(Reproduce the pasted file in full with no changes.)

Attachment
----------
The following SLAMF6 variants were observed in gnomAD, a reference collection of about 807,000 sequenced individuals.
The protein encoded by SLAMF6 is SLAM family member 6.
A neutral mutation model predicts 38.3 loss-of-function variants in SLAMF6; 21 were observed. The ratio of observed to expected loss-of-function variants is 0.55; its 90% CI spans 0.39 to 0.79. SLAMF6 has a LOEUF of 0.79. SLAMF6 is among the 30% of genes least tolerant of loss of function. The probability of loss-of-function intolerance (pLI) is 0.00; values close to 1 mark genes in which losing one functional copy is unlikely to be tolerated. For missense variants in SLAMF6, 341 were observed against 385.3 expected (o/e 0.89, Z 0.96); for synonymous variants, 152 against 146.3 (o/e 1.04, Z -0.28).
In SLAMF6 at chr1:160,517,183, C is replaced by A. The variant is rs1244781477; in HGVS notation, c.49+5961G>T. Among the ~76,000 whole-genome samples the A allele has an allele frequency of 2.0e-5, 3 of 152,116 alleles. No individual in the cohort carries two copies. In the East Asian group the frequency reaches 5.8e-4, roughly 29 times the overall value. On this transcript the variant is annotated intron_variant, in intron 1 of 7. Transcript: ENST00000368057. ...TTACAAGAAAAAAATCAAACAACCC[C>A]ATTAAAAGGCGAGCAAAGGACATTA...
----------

The following SLAMF6 variants were observed in gnomAD, a reference collection of about 807,000 sequenced individuals.
The protein encoded by SLAMF6 is SLAM family member 6.
A neutral mutation model predicts 38.3 loss-of-function variants in SLAMF6; 21 were observed. The ratio of observed to expected loss-of-function variants is 0.55; its 90% CI spans 0.39 to 0.79. SLAMF6 has a LOEUF of 0.79. SLAMF6 is among the 30% of genes least tolerant of loss of function. The probability of loss-of-function intolerance (pLI) is 0.00; values close to 1 mark genes in which losing one functional copy is unlikely to be tolerated. For missense variants in SLAMF6, 341 were observed against 385.3 expected (o/e 0.89, Z 0.96); for synonymous variants, 152 against 146.3 (o/e 1.04, Z -0.28).
In SLAMF6 at chr1:160,517,183, C is replaced by A. The variant is rs1244781477; in HGVS notation, c.49+5961G>T. Among the ~76,000 whole-genome samples the A allele has an allele frequency of 2.0e-5, 3 of 152,116 alleles. No individual in the cohort carries two copies. In the East Asian group the frequency reaches 5.8e-4, roughly 29 times the overall value. On this transcript the variant is annotated intron_variant, in intron 1 of 7. Transcript: ENST00000368057. ...TTACAAGAAAAAAATCAAACAACCC[C>A]ATTAAAAGGCGAGCAAAGGACATTA...